Cars to Demand More Electronic Components Than Personal Computers, Report Says
It's all about the semiconductors, baby!
When it comes to determining new and upcoming technologies, the industry looks not just to unit sales, but to the sales of the components that make up an electronic device. New reports indicate that, for the first time, amid years of declining sales, the personal computing market is about to be overtaken by the auto industry when it comes to the demand for semiconductors.
Personal computer sales have been declining for years on end. Originally attributed in part due to smartphones and other ultra-portable devices gaining market traction, the industry has taken quite a hit. As a result, other emerging areas have been beginning to overtake the growth of computer-related components, including one surprising area: The automotive sector.
Market research firm IC Insights believes that the automotive market will drive semiconductor sales higher than ever, and continue the trend through 2021. Within the next four years, the firm predicts that the expected compound annual growth will reach a record high of 5.4 percent.
The reasoning behind the change is none other than more complex cars in the automotive sector that demand more computing power in order to keep up with the ever-increasing connected and autonomous technologies that are emerging. Technology like Vehicle-to-Vehicle communication, Vehicle-to-Infrastructure synchronization, and autonomy are forcing cars to consume computer resources at a faster pace than in the past. Paired with general convenience features and the growing market presence of electric cars, it becomes clear just why cars are the electronic industry's answer of the future.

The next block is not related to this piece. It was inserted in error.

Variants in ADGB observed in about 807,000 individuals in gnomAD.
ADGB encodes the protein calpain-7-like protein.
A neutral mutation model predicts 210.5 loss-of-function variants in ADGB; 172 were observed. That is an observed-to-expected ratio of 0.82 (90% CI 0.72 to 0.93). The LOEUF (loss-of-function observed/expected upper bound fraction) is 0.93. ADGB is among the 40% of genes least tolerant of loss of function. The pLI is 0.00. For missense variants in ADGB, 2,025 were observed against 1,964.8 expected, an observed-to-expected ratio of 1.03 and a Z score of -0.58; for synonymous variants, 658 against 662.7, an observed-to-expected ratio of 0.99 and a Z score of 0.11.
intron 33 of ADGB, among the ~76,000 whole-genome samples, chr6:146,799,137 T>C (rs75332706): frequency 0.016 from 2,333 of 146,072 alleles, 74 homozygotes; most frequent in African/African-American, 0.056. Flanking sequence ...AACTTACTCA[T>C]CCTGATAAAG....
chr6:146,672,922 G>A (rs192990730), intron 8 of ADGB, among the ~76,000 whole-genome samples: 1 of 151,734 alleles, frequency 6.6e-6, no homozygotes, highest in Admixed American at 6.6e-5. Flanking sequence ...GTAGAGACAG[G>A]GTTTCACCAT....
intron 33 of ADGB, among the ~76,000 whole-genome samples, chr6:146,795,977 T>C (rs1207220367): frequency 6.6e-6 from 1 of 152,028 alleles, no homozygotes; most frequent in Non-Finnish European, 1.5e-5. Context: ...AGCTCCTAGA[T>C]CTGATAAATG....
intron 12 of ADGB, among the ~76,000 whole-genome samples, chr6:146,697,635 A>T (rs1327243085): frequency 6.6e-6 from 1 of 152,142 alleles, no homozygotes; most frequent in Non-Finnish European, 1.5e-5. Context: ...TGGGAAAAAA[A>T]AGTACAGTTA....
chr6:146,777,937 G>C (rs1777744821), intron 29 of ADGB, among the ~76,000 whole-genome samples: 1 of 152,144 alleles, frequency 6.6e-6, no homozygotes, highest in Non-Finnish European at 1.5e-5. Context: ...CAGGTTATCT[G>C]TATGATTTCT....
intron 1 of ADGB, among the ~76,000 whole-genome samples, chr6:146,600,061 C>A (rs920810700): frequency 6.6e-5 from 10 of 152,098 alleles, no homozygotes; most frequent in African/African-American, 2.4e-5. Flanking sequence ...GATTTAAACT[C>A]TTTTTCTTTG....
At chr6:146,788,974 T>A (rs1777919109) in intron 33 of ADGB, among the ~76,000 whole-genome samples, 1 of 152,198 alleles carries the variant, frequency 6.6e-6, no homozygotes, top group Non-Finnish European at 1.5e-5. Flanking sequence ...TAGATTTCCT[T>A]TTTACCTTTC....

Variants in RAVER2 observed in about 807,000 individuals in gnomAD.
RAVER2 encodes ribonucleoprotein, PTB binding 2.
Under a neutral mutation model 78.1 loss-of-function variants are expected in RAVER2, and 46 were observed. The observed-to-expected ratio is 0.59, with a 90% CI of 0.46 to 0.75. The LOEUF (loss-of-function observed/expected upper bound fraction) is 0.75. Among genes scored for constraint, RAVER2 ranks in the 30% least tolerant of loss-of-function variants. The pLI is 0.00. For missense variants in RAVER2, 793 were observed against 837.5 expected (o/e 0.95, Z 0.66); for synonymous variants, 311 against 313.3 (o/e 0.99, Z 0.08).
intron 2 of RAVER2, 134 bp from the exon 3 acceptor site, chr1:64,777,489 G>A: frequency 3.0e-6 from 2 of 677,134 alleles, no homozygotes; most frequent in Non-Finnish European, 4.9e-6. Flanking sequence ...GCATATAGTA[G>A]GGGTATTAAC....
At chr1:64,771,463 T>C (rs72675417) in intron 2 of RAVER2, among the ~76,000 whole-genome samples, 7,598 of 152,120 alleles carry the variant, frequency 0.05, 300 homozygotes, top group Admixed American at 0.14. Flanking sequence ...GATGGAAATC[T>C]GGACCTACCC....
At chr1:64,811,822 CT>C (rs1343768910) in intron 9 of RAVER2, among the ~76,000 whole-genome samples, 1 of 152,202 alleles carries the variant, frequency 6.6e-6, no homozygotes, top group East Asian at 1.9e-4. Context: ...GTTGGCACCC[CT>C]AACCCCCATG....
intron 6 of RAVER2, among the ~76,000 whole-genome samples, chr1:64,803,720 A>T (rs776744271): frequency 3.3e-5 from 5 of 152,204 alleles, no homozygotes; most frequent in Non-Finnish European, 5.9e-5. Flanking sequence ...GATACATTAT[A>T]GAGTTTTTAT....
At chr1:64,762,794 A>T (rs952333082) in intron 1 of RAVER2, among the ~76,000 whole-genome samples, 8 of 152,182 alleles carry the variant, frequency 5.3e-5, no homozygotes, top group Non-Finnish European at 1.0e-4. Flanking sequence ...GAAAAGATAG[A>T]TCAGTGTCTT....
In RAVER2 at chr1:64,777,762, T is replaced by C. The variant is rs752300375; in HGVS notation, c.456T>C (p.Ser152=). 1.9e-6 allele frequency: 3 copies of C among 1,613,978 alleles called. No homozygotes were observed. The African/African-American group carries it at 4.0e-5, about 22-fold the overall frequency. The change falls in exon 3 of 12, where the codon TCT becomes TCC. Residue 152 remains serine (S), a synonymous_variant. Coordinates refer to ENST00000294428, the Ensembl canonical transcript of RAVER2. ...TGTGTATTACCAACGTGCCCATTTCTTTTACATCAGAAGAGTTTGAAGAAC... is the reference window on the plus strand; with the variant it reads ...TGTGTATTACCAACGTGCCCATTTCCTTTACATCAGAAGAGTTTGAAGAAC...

IC says sales are expected to continue to increase throughout 2017, ultimately ending the year with a 22 percent increase, with the automotive sector making up about 9.1 percent of that figure. The industry expects the increase to continue strong in 2018 as well, racking up an additional 16 percent of growth. By 2021, the automotive industry is expected to account for nearly 9.8 percent of all global electronic system sales.
A recent influx in the demand for electric cars account for a large increase in semiconductor purchases, says investment firm McKinsey & Co. Moving from a traditional car to a hybrid platform increases the valuation of semiconductors included in a vehicle from just $330 to more than $900. Increasing even more in a battery-powered vehicle, the cost of semiconductors alone is expected to reach well over $1,000 per unit. As cars themselves advance in technology, the need for supporting technology and components will undoubtedly increase with it. Personal computers and other consumer electronics being overtaken by vehicles is a huge step, especially considering the 300 percent increase in component cost per unit when compared to a traditional gasoline-powered vehicle.
With the automotive industry going through quite a few disruptions at once, it's no surprise that the technology industry is seeing the biggest trickle-down as a result. In the past, auto manufacturers made use of new technology in order to make vehicles more appealing to consumers. Now, vehicles are getting a near-complete overhaul to fight for industry supremacy. In the coming years, cars need to become the most connected, use battery power most efficiently, and perfect self-driving before its counterparts.